And So It Begins!

                      -Early morning barley-
This Wednesday will be the official start of The Cloverleaf 2012   season. On Wednesday our CSA (community supported agriculture) members will find their way to our Davis drop-off location and get their first box of delicious vegetables! We are extremely excited to be launching our CSA and to begin feeding our community. But we are also concerned. As beginning farmers we know that there will be some bumps in the road, but this feels like pothole heaven.
Last summer, when Emma and I started The Cloverleaf, our tomatoes grew faster than we could keep up with and our newly-planted melons took over the furrows in a blink of an eye. We did the necessary soil sampling in the fall, added soil amendments in the winter, and did our best with proper irrigation and planting. Unfortunately, this year, our summer bounty is in the ground and it is not growing. Between the four of us we have over 10 years of farming experience. We have labored over the reasons for the lack of germination and poor growth of transplants. Do we not have enough wind protection? Are our pest pressures too high? Was our bed prep not deep enough? Did we water too much? Did we water too li ttle? With all of these possibilities,  no clear answer has presented itself. Luckily, our early summer greens, beets, herbs, garlic, onions and turnips are happy, healthy and growing. Because of this we will have vegetables for the next few weeks, but beyond that we are unsure of the future. Do we replant? Start over? Can we afford to start over? These are the types of questions we are facing now, just as we start harvesting for our first CSA baskets.
What we do know is that we need to keep moving forward, continuing to talk to farmers, extension advisers, doing our research and adding a little fish emulsion here and a row cover there. We are trying our hardest to overcome the challenges of growing produce on land that we do not yet fully understand. Despite these initial setbacks, I have faith in our collective farming ability to find a way to have melons, cucumbers, tomatoes, peppers, basil, corn and all the rest of our summer crops covering our little plot of land and filling our CSA boxes with a plethora of summer produce.
                                         -Delicious turnips!-
-Sasha Klein

The Craziest People

Well, that would be us … who decided to start farming on the side of I-80. When Sasha and I first looked at the land, I wasn’t sure about it – it was a 16 acre parcel in the middle of vast, large scale agriculture with a prime view of the highway. Now we have two more partners (Marisa and Aubrey) who have joined this wacky venture. It is a far cry from the cozy Capay Valley. No rivers or lakes nearby; all our water comes from the vast buried river that is our groundwater. But over the last two farming seasons, I’ve grown to love this little piece of land and also all the unpredictability that comes with it.

The noise from the highway is actually surprisingly quiet and soothing – we are always surprised when we look up from weeding carrots and we’ve forgotten about I-80 altogether. We always daydream west, to the beautiful view of Berryessa Gap, but occasionally it is nice to turn east and face the traffic head on.

Other things are less soothing – our locked shed was broken into this week and the most random and infuriating list of farming tools was stolen (two trowels, one hula hoe, drip valves and goof plugs, a weed-wacker that took us two weeks to find, our donated bike). I can’t imagine that whoever stole them could find as much value as we did from those rusty looking tools.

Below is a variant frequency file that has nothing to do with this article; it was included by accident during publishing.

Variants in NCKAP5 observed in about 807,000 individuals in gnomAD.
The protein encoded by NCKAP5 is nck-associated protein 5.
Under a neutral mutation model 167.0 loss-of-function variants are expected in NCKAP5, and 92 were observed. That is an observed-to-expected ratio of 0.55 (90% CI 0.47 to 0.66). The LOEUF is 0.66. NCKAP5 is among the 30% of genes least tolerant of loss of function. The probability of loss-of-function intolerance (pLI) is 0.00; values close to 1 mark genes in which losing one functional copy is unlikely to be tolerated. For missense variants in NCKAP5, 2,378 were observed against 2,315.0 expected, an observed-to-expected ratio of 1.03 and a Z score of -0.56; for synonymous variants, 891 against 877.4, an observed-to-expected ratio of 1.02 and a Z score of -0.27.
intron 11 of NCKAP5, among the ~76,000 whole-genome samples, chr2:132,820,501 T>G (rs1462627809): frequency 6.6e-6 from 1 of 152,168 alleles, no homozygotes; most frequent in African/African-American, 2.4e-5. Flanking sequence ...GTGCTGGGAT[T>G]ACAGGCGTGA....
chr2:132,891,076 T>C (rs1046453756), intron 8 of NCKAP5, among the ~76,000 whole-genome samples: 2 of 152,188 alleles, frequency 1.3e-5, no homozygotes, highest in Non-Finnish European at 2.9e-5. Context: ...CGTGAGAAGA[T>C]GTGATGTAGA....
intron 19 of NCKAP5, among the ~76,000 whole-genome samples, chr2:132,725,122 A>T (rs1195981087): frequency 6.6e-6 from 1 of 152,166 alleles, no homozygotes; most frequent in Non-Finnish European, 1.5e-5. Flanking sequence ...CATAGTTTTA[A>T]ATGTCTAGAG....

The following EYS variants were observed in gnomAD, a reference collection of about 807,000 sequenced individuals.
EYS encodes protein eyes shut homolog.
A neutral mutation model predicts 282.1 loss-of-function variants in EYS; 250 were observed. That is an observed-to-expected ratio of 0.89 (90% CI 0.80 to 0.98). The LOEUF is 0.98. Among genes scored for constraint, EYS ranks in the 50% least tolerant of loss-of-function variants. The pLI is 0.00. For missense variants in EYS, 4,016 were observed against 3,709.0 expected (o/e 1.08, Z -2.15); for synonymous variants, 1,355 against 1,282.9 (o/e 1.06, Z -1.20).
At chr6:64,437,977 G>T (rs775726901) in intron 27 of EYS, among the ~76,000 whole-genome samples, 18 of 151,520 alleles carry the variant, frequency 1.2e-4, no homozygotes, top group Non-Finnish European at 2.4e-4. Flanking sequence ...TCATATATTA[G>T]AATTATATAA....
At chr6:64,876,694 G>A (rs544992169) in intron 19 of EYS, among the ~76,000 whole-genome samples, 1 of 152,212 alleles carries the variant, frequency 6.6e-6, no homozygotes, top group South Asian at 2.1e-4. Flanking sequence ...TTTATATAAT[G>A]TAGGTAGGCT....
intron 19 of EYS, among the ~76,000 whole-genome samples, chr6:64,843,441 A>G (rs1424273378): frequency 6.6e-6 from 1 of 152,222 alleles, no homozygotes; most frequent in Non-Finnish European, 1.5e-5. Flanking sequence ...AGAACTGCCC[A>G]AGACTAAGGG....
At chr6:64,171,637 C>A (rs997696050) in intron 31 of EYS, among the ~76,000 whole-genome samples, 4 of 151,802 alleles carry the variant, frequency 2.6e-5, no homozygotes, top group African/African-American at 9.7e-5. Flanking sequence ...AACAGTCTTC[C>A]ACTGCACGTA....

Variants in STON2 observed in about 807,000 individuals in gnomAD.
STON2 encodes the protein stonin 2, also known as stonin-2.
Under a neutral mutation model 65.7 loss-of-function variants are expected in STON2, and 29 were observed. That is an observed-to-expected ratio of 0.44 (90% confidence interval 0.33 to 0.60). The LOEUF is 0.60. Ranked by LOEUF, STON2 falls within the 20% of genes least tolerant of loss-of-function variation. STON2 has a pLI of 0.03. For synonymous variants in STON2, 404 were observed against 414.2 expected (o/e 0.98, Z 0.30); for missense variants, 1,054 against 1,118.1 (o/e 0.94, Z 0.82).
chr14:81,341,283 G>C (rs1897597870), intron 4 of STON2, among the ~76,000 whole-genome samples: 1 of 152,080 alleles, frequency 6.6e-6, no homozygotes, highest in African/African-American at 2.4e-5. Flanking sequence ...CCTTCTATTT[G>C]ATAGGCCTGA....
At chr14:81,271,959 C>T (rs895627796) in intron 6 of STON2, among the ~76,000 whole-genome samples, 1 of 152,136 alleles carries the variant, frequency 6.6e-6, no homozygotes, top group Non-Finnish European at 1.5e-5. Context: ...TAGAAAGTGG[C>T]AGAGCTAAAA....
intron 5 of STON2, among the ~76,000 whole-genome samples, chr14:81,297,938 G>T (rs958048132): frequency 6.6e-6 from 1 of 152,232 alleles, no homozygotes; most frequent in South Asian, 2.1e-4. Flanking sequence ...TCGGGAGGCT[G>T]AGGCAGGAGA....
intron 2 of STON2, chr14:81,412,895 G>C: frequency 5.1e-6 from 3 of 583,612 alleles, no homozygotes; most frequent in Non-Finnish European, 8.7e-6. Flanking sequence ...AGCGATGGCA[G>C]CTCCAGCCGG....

Our road-side stand comes with both the good and the bad. We are always amazed to think that 20,000 people drive by Kidwell exit every day. What an enormous potential market! I always smile at the traffic when driving home on the tractor – maybe one day, someone will wonder about what that tiny tractor is doing and stop at the stand. I’ve met friends at the stand that I went to high school with in New Hampshire and haven’t seen since. Of course, some of the customers are less than ideal – in addition to our loyal customers, we just love the people who drive by the stand (which is all of 120 square feet) super slowly, look us directly in the face, and then peel out when leaving. Or the people who call out from the window for us to carry them a melon. This is a different way of meeting your farmer.

We have a vision for our road-side stand, which is always being revised as we encounter opportunities and obstacles. My original thought is that we would complete revolutionize the highway pit stop! You could get a farm-fresh smoothie, some healthy snacks of vegetables and nuts, maybe an extra treat of a pie, go to the bathroom in a composting toilet – perhaps someday in the future, use our solar-powered wi-fi and fill up on biodiesel. Certain things change for the better – our friend Sarah from Pop Nation is going to be bringing us some delicious popsicles, made from the fruit on our farm, to sell at the stand. Pies and snacks are in the works for this year as well. The toilet – well, not so much. It turns out it is completely illegal to have any kind of composting toilet in Solano County. We are only allowed to have either flush toilets and use up our groundwater resource (and install a leaching field) or have a porta-potty and have people truck our waste, mixed with some questionable blue chemicals, to who knows where. I’ve worked on multiple farms with beautiful composting toilets, and shoveled them out to fertilize some big apple trees, but not here. Bike smoothies – also not allowed in Solano county. I think we’ll figure out some alternative solutions – we’ve got our thinking caps on. Starting a farm can lead you down some mighty interesting (and unexpected!) paths.